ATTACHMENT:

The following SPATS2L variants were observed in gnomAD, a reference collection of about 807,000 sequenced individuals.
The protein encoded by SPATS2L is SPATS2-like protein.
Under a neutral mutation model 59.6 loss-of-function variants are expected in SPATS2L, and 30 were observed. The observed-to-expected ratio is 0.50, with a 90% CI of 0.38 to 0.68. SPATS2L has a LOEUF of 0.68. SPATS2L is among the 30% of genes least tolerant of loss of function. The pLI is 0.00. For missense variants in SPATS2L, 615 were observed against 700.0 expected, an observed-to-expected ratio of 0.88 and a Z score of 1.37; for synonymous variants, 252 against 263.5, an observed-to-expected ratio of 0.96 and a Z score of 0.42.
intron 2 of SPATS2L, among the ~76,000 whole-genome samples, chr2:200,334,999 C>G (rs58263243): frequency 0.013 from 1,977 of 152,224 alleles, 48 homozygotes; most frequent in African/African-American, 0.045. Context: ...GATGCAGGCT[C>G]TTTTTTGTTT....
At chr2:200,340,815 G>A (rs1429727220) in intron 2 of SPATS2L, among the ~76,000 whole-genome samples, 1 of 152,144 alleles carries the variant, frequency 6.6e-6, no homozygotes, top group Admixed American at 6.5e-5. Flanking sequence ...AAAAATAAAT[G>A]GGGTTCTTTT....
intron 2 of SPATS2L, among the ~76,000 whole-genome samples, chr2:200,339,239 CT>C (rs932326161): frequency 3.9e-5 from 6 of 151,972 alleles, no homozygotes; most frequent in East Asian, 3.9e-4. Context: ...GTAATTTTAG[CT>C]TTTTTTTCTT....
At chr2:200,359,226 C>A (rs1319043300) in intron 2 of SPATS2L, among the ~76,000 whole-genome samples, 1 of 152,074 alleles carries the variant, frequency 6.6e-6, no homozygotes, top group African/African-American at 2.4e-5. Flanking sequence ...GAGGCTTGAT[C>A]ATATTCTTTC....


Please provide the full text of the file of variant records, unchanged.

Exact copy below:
The following SPATS2L variants were observed in gnomAD, a reference collection of about 807,000 sequenced individuals.
The protein encoded by SPATS2L is SPATS2-like protein.
Under a neutral mutation model 59.6 loss-of-function variants are expected in SPATS2L, and 30 were observed. The observed-to-expected ratio is 0.50, with a 90% CI of 0.38 to 0.68. SPATS2L has a LOEUF of 0.68. SPATS2L is among the 30% of genes least tolerant of loss of function. The pLI is 0.00. For missense variants in SPATS2L, 615 were observed against 700.0 expected, an observed-to-expected ratio of 0.88 and a Z score of 1.37; for synonymous variants, 252 against 263.5, an observed-to-expected ratio of 0.96 and a Z score of 0.42.
intron 2 of SPATS2L, among the ~76,000 whole-genome samples, chr2:200,334,999 C>G (rs58263243): frequency 0.013 from 1,977 of 152,224 alleles, 48 homozygotes; most frequent in African/African-American, 0.045. Context: ...GATGCAGGCT[C>G]TTTTTTGTTT....
At chr2:200,340,815 G>A (rs1429727220) in intron 2 of SPATS2L, among the ~76,000 whole-genome samples, 1 of 152,144 alleles carries the variant, frequency 6.6e-6, no homozygotes, top group Admixed American at 6.5e-5. Flanking sequence ...AAAAATAAAT[G>A]GGGTTCTTTT....
intron 2 of SPATS2L, among the ~76,000 whole-genome samples, chr2:200,339,239 CT>C (rs932326161): frequency 3.9e-5 from 6 of 151,972 alleles, no homozygotes; most frequent in East Asian, 3.9e-4. Context: ...GTAATTTTAG[CT>C]TTTTTTTCTT....
At chr2:200,359,226 C>A (rs1319043300) in intron 2 of SPATS2L, among the ~76,000 whole-genome samples, 1 of 152,074 alleles carries the variant, frequency 6.6e-6, no homozygotes, top group African/African-American at 2.4e-5. Flanking sequence ...GAGGCTTGAT[C>A]ATATTCTTTC....